From July 8 to 12 October 2015 at the Guimet National Museum of Asian Arts.

This summer, the MNAAG invites the public to discover a unique and unknown art of ancient Tibet.
The Good, the oldest spiritual tradition of Tibet, contributed to the formation of its singular culture. Pre-existing Buddhism (which enters Tibet in the seventh century) and considered a form of shamanism, the Bon is currently a minority because long supplanted by Buddhism which experienced, in Tibet, a prodigious development. Recognized in 1987 by the XIVth Dalai Lama as the fifth Tibetan religious school (alongside those of Buddhism), his art is still unknown.
The first exhibition devoted to bonpo art only dates back to 2007. Also, the presentation, by the MNAAG, of a set of bonpo banners that has remained unseen until today, is an event. Ten of them recount, in a vivid and picturesque fashion, the episodes of the wonderful life of Tonpa Shenrab, founder of Bon. His legend wants that after his arrival on Earth, embodied in a young prince, married and father of a family, he enters into a renunciation at his 31 years, to live in asceticism and teach his doctrine.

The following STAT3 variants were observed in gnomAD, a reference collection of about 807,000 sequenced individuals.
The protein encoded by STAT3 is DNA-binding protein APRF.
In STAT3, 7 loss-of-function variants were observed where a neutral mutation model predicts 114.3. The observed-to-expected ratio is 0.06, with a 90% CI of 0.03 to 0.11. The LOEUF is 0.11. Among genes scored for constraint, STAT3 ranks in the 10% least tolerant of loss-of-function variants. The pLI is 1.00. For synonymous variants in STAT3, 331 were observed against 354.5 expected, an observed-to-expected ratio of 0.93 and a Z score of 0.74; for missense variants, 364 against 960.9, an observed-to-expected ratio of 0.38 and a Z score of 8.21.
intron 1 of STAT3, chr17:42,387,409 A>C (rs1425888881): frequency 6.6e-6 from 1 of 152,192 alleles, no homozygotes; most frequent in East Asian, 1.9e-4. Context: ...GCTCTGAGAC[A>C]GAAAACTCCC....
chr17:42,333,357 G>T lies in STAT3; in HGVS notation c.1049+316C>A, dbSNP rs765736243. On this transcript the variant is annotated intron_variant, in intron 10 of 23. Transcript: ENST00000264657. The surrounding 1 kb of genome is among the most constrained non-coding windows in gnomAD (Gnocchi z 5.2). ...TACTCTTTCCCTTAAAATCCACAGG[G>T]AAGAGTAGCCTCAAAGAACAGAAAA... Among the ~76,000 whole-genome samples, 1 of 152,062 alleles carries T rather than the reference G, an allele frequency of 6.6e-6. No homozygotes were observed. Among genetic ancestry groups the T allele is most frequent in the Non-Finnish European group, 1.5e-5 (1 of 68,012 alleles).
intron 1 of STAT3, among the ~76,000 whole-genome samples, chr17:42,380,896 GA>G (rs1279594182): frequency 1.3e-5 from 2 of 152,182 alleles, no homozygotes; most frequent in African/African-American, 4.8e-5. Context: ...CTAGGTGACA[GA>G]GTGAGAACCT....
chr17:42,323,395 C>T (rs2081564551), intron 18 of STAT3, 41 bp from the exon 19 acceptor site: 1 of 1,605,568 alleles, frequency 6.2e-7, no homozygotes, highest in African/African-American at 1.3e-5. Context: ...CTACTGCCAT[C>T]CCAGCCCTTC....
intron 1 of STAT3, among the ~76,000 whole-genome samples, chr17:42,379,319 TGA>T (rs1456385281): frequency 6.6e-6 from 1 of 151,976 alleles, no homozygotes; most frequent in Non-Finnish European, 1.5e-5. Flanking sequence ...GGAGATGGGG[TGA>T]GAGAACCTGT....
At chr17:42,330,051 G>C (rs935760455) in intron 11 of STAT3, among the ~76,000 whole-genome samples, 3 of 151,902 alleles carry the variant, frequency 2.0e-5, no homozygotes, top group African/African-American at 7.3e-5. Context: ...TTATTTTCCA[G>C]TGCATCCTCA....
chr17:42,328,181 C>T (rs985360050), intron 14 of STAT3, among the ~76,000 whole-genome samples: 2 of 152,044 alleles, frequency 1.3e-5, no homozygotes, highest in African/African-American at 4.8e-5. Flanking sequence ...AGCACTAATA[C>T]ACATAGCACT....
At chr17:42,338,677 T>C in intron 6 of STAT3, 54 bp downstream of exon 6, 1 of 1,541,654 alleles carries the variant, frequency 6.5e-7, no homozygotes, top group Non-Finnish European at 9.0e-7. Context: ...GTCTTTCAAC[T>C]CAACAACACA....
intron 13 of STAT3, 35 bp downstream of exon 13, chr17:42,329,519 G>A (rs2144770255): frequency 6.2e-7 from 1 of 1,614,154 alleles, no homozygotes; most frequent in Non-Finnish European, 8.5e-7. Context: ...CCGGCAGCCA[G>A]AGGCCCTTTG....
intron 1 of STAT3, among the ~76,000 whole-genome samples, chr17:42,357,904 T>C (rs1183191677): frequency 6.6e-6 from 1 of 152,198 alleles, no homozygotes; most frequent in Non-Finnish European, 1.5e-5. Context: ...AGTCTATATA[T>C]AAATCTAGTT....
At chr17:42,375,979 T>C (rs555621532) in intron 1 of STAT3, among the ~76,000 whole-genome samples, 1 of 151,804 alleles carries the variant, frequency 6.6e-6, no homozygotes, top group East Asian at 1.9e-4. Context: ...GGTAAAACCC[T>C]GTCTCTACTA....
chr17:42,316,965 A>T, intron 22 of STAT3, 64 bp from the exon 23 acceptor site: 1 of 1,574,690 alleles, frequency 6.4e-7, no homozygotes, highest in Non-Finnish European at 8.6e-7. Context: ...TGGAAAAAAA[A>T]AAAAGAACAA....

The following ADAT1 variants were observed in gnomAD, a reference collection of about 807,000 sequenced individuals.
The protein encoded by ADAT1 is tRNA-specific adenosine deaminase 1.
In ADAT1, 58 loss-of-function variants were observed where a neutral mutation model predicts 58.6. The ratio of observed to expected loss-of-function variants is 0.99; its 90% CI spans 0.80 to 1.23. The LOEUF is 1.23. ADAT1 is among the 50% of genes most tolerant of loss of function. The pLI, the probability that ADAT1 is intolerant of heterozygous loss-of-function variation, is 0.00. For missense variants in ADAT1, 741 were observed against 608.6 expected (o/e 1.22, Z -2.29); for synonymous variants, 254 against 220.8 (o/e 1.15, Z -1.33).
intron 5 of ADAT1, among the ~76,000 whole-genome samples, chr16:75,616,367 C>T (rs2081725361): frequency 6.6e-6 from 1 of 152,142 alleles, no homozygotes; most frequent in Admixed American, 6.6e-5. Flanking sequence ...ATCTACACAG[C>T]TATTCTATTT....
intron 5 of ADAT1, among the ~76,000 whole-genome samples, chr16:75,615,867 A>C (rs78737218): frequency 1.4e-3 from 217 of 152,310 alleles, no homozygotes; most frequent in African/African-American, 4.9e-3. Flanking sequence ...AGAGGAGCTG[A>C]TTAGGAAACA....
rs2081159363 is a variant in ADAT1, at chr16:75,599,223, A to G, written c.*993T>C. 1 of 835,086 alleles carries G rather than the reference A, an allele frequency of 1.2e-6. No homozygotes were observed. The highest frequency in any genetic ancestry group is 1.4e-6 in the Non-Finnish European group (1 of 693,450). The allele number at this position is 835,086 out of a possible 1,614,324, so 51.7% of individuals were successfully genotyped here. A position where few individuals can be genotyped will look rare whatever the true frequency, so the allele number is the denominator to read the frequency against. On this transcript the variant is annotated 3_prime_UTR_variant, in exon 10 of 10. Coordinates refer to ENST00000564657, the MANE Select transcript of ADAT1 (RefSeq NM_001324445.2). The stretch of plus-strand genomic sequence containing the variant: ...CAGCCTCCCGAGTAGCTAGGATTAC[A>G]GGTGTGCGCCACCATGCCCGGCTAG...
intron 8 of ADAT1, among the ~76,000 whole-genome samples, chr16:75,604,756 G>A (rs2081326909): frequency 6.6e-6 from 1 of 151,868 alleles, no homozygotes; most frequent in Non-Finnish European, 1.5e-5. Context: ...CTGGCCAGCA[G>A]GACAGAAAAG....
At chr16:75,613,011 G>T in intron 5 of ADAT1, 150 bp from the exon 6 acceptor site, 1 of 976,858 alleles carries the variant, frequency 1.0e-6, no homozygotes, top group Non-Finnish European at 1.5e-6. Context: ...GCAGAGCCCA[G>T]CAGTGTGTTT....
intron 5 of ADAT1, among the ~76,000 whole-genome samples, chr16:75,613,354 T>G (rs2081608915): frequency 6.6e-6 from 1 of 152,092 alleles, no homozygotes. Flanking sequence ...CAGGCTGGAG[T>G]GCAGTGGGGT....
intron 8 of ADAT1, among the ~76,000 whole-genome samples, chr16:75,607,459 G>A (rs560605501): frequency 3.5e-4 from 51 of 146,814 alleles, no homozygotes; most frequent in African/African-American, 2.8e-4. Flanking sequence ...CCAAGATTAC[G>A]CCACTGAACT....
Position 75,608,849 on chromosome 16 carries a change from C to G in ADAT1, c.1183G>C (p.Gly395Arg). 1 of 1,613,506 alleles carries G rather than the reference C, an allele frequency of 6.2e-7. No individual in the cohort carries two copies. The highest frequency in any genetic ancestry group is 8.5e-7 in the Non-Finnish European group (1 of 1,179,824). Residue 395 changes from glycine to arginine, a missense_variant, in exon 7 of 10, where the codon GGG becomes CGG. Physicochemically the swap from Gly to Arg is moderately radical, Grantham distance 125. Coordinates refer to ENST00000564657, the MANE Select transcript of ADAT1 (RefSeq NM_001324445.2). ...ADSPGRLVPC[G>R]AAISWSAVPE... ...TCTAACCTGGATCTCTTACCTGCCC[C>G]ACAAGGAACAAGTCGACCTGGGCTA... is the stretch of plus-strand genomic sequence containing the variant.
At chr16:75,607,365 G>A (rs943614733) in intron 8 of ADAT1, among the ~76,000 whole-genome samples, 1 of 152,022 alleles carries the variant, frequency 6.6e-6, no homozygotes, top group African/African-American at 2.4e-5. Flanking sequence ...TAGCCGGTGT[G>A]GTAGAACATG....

These exceptional pieces, preserved by the MNAAG, allow a first understanding of the iconography of this primitive religion. They were reported by Captain Henri d'Ollone (1868-1945), at the end of the mission he carried out in eastern Tibet in 1907-1908. This part of the world was then still almost inaccessible. Captain d'Ollone recounts his journey in a book entitled The last barbarians
Rare bonpo sculptures from a private collection, photographs and documents accompany this exhibition which contributes to a better knowledge of Tibet.


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